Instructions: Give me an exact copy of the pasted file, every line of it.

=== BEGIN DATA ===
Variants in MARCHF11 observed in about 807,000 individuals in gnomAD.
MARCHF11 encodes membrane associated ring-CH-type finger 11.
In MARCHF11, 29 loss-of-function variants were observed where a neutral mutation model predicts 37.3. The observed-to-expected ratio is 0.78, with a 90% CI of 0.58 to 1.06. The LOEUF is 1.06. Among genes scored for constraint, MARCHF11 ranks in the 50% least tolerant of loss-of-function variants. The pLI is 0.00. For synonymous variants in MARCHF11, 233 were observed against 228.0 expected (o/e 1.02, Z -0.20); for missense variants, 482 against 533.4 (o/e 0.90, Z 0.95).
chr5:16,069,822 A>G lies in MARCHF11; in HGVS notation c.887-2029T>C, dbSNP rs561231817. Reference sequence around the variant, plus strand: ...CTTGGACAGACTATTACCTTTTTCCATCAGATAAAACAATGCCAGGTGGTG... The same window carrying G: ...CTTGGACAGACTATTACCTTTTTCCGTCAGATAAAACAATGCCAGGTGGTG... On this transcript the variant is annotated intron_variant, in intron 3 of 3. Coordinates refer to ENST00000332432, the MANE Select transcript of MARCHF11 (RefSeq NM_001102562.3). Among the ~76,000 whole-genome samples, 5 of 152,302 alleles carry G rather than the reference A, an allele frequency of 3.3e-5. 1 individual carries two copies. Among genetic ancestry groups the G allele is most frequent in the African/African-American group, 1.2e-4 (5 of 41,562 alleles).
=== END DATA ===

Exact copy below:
Variants in MARCHF11 observed in about 807,000 individuals in gnomAD.
MARCHF11 encodes membrane associated ring-CH-type finger 11.
In MARCHF11, 29 loss-of-function variants were observed where a neutral mutation model predicts 37.3. The observed-to-expected ratio is 0.78, with a 90% CI of 0.58 to 1.06. The LOEUF is 1.06. Among genes scored for constraint, MARCHF11 ranks in the 50% least tolerant of loss-of-function variants. The pLI is 0.00. For synonymous variants in MARCHF11, 233 were observed against 228.0 expected (o/e 1.02, Z -0.20); for missense variants, 482 against 533.4 (o/e 0.90, Z 0.95).
chr5:16,069,822 A>G lies in MARCHF11; in HGVS notation c.887-2029T>C, dbSNP rs561231817. Reference sequence around the variant, plus strand: ...CTTGGACAGACTATTACCTTTTTCCATCAGATAAAACAATGCCAGGTGGTG... The same window carrying G: ...CTTGGACAGACTATTACCTTTTTCCGTCAGATAAAACAATGCCAGGTGGTG... On this transcript the variant is annotated intron_variant, in intron 3 of 3. Coordinates refer to ENST00000332432, the MANE Select transcript of MARCHF11 (RefSeq NM_001102562.3). Among the ~76,000 whole-genome samples, 5 of 152,302 alleles carry G rather than the reference A, an allele frequency of 3.3e-5. 1 individual carries two copies. Among genetic ancestry groups the G allele is most frequent in the African/African-American group, 1.2e-4 (5 of 41,562 alleles).